To add to the misery of Dresden's civilians, the USAAF then carried out the raid originally planned for the day before. On 14 February, 311 B-17 Flying Fortress bombers dropped their loads on Dresden. The bombers' aiming point was the train yards. The escorting USAAF fighters, once the bombers had turned back, "followed by machine-gunning and strafing of the streets…which had become a standard tactic of US fighters after their escort duties had been completed" (Neillands, 366). More USAAF bombers returned on 15 February and 2 March.

Dresden, February 1945
Dresden, February 1945
Bundesarchiv, Bild 146-1994-041-07 (CC BY-SA)

As the homeless fled the city, Gray again describes the scene:

The third raid was by the Americans and they concentrated on strafing people. There was no defence., we had no defence at all, and they concentrated on getting these people who were trying to save their lives and get out into the suburbs and go into the country. All the people who were gathered on the meadows along the river, they went right down and strafed the people and killed them one by one.

(Holmes, 439)

Another view of the bombing comes from Ben Halfgott, a Jewish prisoner in the nearby Nazi concentration camp:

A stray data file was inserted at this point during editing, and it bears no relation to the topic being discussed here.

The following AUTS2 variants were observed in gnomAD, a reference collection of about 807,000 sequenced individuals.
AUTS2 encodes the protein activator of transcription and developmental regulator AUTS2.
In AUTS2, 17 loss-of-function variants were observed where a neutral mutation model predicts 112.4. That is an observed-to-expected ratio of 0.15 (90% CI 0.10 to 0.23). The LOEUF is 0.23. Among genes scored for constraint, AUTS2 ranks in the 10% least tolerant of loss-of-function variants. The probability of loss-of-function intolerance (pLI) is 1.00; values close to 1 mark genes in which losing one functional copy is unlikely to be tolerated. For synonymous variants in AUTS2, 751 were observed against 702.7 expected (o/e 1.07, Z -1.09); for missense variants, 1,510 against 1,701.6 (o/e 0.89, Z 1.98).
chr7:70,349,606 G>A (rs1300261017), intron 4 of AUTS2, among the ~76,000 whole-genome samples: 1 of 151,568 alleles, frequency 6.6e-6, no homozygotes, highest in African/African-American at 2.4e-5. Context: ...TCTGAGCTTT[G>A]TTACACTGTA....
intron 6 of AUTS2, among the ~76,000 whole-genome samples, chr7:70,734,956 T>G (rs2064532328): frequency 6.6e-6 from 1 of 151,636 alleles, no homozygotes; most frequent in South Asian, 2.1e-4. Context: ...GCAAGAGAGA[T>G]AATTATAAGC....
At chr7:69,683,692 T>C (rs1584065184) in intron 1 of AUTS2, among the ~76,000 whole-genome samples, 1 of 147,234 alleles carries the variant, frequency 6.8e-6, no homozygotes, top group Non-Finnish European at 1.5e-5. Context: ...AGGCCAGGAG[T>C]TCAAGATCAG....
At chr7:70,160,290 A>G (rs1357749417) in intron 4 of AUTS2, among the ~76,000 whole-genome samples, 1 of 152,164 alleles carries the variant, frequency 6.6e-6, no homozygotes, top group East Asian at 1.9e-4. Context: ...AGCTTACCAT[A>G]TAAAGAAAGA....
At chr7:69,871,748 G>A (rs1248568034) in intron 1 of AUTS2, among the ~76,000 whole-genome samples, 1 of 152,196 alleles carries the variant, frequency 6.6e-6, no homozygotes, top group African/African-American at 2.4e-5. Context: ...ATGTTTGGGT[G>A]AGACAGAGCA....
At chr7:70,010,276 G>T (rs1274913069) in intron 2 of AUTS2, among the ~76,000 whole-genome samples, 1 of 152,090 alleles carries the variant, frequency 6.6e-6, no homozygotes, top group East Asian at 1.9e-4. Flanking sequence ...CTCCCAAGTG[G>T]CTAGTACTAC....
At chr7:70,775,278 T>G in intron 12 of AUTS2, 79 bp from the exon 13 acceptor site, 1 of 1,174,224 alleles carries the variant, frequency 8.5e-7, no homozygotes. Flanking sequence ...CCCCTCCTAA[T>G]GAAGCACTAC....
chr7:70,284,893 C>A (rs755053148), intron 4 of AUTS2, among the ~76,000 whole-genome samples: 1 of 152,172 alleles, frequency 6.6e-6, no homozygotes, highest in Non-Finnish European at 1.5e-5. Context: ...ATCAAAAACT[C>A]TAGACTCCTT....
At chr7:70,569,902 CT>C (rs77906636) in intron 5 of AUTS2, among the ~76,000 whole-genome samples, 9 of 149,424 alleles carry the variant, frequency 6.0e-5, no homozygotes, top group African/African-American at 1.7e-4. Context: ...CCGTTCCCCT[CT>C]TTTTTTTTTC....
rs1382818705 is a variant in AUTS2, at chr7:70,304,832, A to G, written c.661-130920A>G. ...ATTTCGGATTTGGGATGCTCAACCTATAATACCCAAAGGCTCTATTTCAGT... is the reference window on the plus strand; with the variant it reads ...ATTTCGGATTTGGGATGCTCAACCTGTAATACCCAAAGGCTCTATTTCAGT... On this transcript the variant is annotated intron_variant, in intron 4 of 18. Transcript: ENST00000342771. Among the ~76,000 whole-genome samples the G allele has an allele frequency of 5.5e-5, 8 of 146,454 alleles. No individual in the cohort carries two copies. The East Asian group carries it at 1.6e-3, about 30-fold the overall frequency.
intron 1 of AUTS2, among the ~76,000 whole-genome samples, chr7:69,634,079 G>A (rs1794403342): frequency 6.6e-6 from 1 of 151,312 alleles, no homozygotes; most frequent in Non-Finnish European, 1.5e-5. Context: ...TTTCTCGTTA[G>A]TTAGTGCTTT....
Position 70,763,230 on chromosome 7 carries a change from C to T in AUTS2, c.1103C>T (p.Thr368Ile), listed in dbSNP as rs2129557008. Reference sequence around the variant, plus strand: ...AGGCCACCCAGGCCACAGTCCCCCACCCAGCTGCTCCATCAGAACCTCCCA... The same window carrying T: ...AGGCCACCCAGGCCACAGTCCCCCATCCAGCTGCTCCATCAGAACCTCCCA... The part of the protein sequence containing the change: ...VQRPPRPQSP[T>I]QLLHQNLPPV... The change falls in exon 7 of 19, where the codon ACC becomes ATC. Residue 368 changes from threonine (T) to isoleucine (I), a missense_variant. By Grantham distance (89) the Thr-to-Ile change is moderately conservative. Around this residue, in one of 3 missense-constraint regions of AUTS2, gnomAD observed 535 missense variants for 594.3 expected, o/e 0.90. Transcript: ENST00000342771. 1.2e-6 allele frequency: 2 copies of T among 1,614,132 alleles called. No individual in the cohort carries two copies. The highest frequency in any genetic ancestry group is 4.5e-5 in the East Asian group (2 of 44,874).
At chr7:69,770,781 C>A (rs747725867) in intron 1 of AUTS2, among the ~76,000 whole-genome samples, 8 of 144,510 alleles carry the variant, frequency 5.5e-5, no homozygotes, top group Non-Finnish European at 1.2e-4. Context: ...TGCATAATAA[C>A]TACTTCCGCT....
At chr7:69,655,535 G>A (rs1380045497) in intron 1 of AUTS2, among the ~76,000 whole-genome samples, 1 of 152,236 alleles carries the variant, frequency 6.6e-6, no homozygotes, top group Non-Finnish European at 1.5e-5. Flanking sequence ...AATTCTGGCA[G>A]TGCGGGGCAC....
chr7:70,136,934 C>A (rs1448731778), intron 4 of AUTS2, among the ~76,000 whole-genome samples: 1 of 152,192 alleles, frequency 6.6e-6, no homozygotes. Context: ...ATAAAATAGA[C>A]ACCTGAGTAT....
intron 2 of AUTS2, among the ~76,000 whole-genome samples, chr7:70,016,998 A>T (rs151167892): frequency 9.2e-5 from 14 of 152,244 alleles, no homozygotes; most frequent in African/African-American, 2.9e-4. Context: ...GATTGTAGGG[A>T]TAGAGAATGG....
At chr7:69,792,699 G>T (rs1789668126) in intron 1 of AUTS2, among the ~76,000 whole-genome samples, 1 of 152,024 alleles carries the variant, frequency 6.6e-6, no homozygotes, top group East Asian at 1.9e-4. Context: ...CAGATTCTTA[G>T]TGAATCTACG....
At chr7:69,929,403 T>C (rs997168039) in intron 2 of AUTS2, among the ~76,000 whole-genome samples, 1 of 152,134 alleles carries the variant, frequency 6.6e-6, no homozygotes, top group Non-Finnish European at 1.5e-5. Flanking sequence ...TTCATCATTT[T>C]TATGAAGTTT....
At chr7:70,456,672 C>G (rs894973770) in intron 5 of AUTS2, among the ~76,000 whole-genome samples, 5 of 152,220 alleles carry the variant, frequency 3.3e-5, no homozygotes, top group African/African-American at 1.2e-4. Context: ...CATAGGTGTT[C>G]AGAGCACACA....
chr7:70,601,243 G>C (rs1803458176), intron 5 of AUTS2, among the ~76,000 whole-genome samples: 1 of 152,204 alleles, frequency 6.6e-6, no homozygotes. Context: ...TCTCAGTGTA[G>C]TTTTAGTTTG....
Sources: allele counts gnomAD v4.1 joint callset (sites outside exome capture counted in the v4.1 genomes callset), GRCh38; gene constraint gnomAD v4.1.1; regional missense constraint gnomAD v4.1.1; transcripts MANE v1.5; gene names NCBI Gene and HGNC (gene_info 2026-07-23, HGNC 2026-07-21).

We saw the bombing of Dresden from the satellite camp at Schlieben, where we worked with German women making Panzerfausts, anti-tank rockets. The fires in the sky, a huge red glow – it was like heaven for us. We went out to watch and it was glorious, for we knew that the end of the war must be near and our salvation was at hand. I was fifteen years old when the Russians arrived and I weighed 50 kilos. You could see all my bones.

(Neillands, 359)


The RAF and the USAAF deemed the raid a success. Dresden's light air defences meant that only six Lancasters were lost over the city. Three more bombers crashed on the return to Britain. Thunderclap's objectives became public knowledge following a leak at a press conference, and a story then appeared written by an Associated Press reporter that the Allies were resorting to "terror bombing" (a phrase the Nazi propaganda machine had long been using). The politicians did an about-face, including Churchill, who wrote to the British Chiefs of Staff in March 1945 that "The destruction of Dresden remains a serious query against the conduct of Allied bombing. I am of the opinion that military objectives must henceforward be more strictly studied in our own interests rather than that of the enemy" (Neillands, 372).

Dresden Memorial, 1962